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Remote software delivery —
a conversation with an ERP consultant

Since December 2019, organizations have transitioned to remote work due to international travel restrictions imposed by the pandemic. Despite the initial challenges, businesses are adapting well and have realized the potential of remote work and its effectiveness.

The growing positive attitude toward remote work is evident in PwC’s 2021 US Remote Work Survey: 83% of employers now say that shifting to remote work has been successful for their company, compared to 73% in their June 2020 survey.

In December 2019, Fortude rolled out Virtual Global Delivery (VGD), a remote delivery framework encompassing governance, skills, human and technology resources, and robust collaboration.

We spoke to Ranika Amarasena, Senior Consultant at Fortude, to find out how the Fortude VGD framework has fared in remote software implementations and his thoughts about the present and the future of remote work. Ranika also shared learnings from his experience in delivering ERP implementation services remotely for two global fashion companies.

1. Hi, Ranika. What has remote working been like for you?

Ranika: Remote working has most definitely worked well for me. I’ve been able to achieve the right amount of work-life balance, which is great.  The time I saved on commuting back and forth to work gave me more space for managing work and my personal responsibilities.

2. Can you tell us a bit about the key objectives of your engagements during the remote work period?

Ranika: During the start of the pandemic and the beginning of the remote working period, I was working on two projects.

The first project was for a European apparel manufacturer. While the initial phases of this project were completed, we had to complete the UAT, go-live, and post-go-live support phases, remotely.

The second project was for a wholesale footwear company based in the US. This is an ongoing project, which was delivered virtually from inception. Currently, we are working on key deliverables such as requirement gathering, gap analysis, scenario testing, solution design, EDI integrations, system configuration, key-user training, and integration testing.

3. Compared to onshore delivery, what challenges did you face when delivering services remotely?

Ranika: The fact that we don’t get to sit in the same room with the customer can be challenging. For example, not having interactive discussions during the requirement gathering phase, not using a physical whiteboard to brainstorm, and not being able to navigate the system during demos and training were key challenges. Understanding the customer’s emotions and working across different time zones too was not easy.

We had to adapt our remote collaboration tools to overcome these challenges.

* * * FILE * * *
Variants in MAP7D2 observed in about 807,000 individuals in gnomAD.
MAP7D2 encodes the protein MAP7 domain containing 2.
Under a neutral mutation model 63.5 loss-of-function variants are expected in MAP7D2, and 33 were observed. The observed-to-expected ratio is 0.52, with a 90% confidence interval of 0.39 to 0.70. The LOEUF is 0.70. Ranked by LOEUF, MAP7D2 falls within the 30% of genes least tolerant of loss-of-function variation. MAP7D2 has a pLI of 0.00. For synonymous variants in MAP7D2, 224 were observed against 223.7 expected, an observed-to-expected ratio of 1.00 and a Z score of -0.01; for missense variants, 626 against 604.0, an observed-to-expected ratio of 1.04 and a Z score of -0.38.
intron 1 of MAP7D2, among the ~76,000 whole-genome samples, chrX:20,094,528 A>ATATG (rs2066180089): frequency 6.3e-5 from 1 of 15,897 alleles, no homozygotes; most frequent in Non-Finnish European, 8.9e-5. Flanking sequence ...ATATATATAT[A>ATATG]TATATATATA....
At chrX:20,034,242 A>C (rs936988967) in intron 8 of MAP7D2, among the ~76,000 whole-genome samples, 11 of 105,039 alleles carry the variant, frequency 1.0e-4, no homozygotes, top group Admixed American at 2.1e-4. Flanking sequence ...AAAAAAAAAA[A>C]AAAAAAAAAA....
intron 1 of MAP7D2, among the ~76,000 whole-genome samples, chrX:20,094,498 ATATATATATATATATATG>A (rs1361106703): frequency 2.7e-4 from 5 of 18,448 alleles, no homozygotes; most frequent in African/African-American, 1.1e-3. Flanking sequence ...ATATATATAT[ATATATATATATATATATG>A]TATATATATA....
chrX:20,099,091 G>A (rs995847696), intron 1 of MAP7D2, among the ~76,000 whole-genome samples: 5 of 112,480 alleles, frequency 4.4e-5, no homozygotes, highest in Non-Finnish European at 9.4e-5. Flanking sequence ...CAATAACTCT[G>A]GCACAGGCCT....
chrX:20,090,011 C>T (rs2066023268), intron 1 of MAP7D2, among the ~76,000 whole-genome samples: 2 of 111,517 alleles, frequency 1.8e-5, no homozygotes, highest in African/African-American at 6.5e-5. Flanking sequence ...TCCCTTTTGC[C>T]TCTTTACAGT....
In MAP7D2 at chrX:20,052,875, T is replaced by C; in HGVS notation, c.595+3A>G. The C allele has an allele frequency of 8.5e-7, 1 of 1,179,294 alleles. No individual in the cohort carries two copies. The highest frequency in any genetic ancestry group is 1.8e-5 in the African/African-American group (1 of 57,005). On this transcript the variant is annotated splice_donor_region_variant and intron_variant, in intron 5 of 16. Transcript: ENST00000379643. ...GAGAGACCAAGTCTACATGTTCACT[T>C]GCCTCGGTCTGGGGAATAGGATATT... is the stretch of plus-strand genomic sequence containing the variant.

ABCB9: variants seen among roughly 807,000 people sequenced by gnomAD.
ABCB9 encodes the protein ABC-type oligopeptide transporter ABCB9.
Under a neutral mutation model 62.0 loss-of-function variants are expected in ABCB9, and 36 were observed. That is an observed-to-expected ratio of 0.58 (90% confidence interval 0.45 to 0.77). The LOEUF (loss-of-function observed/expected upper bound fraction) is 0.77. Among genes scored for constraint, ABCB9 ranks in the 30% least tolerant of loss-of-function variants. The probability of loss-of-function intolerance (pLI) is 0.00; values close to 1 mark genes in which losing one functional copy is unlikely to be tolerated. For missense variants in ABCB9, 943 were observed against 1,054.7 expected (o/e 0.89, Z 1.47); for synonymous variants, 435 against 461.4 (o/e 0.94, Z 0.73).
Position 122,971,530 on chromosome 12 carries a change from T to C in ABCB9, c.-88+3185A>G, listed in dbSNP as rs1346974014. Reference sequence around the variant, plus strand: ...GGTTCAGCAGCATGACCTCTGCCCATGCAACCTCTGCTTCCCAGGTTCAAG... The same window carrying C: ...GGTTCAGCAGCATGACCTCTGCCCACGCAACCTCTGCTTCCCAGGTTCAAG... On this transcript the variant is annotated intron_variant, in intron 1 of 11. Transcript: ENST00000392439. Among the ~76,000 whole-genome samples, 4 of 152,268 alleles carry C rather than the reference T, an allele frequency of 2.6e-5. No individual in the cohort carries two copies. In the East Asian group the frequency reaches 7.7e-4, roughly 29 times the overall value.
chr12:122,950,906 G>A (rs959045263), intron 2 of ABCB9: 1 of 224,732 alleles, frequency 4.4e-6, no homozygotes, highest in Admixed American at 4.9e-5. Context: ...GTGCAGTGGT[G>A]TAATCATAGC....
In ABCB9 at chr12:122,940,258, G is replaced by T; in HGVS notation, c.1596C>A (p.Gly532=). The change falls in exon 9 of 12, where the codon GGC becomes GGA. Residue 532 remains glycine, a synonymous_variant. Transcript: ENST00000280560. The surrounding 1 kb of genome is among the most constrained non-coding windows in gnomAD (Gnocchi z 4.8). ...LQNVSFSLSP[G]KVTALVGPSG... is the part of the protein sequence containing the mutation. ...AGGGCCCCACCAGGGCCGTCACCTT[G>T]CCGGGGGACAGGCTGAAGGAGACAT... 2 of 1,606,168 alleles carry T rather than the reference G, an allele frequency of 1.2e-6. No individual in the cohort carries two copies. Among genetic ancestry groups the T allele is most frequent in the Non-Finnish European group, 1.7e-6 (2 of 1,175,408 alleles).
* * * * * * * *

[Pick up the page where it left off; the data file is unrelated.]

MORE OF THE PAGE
4. What strategies did you employ to overcome these challenges?

Ranika: At the beginning of the pandemic, we laid out the Virtual Global Delivery (VGD) framework. VGD provided the communication and collaboration tools, forms and templates to help us get started quickly. VGD also defined a delivery methodology, processes, roles and responsibilities to ensure everyone knows their role and is aware of the project progress and milestones.

Offshore project delivery is not new to us. We have more than 10 years of experience delivering projects successfully, which helped us quickly adapt our processes and technologies to fit the virtual environment.

Communication is important. We work harder to ensure communication is clear and effective during remote engagements.

Make sure you go for meetings prepared. I ensure my presentations are concise and interactive. Explanations were articulated clearly and slowly so everyone could understand. I used a few online tools such as Microsoft Whiteboard and Lucidchart to draw pictures and diagrams when explaining a complicated idea. My video camera was always on; this helped connect and engage with meeting participants.

5. How did you balance personal commitments while working from home?

Ranika: Whenever I get a break, I talk to my family and spend time with them. I make sure I have meals with them. The commuting time I saved by remote working helped me balance personal commitments even more.

6. How do you envision the future of work to be like?

Ranika: I believe the future of work will be hybrid.

During the COVID-19 pandemic, we saw a massive transformation in remote collaboration technologies. For example, Facebook and Microsoft recently unveiled their plans to build a metaverse. Dubbed to be the next iteration of the internet, the metaverse will make remote meetings more collaborative and immersive.

Technology will play a key role in shaping the future of work.